Tim and I both like the medieval look and feel and decided that was the theme we would use for our game.
– Archaic : Can you tell us about the game’s development? What tools do you use? – Jeff Kurtz : The new tools used to manage sprites and sound samples were developed as we worked on Knight’s Chance. Anyone that has used the old dev library is very familiar with the hassles of managing sprites in the build chain — a real pain in the ass. Our new tools remove all those headaches. For the « homebrew » scene, we had a very basic sound driver that Ivan (MVS Tracker) and myself worked on many years ago. Ivan did a very good job of implementing FM music but the driver didn’t work on real hardware. Since I was on my own this time around and I do not know the first thing about FM, I decided to create a driver that focused on ADPCM-A as a starting point.
– Archaic : Did you encounter any problems? What was the most difficult thing ? – Jeff Kurtz : The only real problem is the size of our team and the amount of time it takes to complete a project. Teaching Tim the way sprites work on the Neo was super easy — he has a natural pixel-fu power! He was able to draw ready-to-use sprites from the very beginning. The hardest part of the game was coming up with sound effects. The next game, I want to see if we can find someone that can handle sound samples. The programming was super simple since that’s what Jerry and I do.
– Archaic : Have you been helped? How was the sound part? – Jeff Kurtz : One of my long time Neo-friends, Robi Uppin, created some great MP3 tracks for us to use in the game. I used our new ADPCM tools to convert them for use on the Neo. With the help of MAMEs’ debugger and the YM register information from wiki.neogeodev.org (go visit that site – great amount of knowledge there!), I put together a new sound driver and started working on the Neo Sound Builder application to use for our game.
While working on Demon’s Hollow (one of the games in Knight’s Chance), Tim had introduced a phantom character. We really like it and wanted to give that character a voice. A few members from Neo-Geo.com volunteered to do the voice and we opted to use Brian Castleberry. His voice work is awesome!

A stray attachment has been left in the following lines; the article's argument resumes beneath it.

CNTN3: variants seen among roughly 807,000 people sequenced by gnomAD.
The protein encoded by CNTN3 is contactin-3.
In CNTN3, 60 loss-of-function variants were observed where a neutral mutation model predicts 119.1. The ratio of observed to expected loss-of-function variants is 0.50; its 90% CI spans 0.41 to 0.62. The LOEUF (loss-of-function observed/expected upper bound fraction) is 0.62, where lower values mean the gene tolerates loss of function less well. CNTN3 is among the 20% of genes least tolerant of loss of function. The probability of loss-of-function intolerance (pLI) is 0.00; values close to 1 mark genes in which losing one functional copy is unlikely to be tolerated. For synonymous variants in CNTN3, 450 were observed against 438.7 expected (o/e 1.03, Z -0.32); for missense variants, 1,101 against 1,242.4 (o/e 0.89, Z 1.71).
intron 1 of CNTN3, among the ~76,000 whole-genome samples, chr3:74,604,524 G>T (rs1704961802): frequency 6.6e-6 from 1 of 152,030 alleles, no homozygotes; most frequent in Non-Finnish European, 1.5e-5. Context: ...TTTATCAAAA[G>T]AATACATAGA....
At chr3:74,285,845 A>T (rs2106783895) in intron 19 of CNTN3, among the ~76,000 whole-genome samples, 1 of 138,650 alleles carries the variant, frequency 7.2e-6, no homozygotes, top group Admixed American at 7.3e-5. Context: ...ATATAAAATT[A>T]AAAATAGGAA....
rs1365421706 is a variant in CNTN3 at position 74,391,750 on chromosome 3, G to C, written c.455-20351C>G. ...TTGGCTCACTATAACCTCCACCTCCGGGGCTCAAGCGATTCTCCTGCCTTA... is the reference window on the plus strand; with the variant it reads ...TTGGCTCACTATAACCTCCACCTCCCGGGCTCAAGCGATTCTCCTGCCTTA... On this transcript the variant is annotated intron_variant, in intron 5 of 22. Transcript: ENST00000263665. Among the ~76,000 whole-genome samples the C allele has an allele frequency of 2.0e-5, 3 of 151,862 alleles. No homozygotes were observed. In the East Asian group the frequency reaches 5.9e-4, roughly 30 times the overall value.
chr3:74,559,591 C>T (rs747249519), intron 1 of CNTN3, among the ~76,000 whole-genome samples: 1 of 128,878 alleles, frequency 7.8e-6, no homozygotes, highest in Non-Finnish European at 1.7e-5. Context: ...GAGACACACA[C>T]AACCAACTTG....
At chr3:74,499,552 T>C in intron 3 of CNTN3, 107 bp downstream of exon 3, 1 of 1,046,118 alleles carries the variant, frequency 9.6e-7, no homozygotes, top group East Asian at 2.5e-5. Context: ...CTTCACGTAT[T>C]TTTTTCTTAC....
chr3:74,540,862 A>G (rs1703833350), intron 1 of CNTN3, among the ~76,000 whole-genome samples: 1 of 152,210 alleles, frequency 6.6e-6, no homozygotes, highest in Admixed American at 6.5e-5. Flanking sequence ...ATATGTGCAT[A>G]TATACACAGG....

Late in the development of the game, we had a lot of feedback from people wanting Japanese support in the game. Fortunately, Andrea Bellezza had volunteered to help with this. He coordinated the translation with a couple native Japanese speakers and put together a very nice script for us to use in the game. He also did the voice work for the Phantom. So, if you play the game with Japanese turned on, the Phantom speaks Japanese. How cool is that?
– Archaic : Indeed ! How do you do to make and publish your own game? About cartriges and boxes. – Jeff Kurtz : I had started working on a basic MVS board design (it’s pretty simple actually – look at something like Blue’s Journey for an example), but it was occupying a lot of my time. I already had my hands full with my day job, working on the development tools, updating the dev library and working on the game, so the boards were moving along very slowly. I had talked to a couple people that had experience doing this sort of work and one of them volunteered to do the design work for me. How can you say no to free help? This saved me an enormous amount of time and I don’t think I would be done yet if it wasn’t for this help.
Our MVS carton boxes were purchased from Arcade Shock – they are authentic SNK MVS boxes.
– Archaic : Knight’s Chance is available in MVS. Do you plan to release the game on AES? If so, when? – Jeff Kurtz : Yes, we are planning an AES release (English and Japanese versions). The PCB design is done, but because I am a one man team when it comes to scheduling production, packing orders and shipping the games, I am waiting until we start shipping the MVS cartridges before I take order for the AES version of the game.
– Archaic : Do you have any other game projects? On Neo Geo again? – Jeff Kurtz : Yes, we have been talking about other projects…
– Archaic : Jeff, thank you very much for taking the time to answer our questions.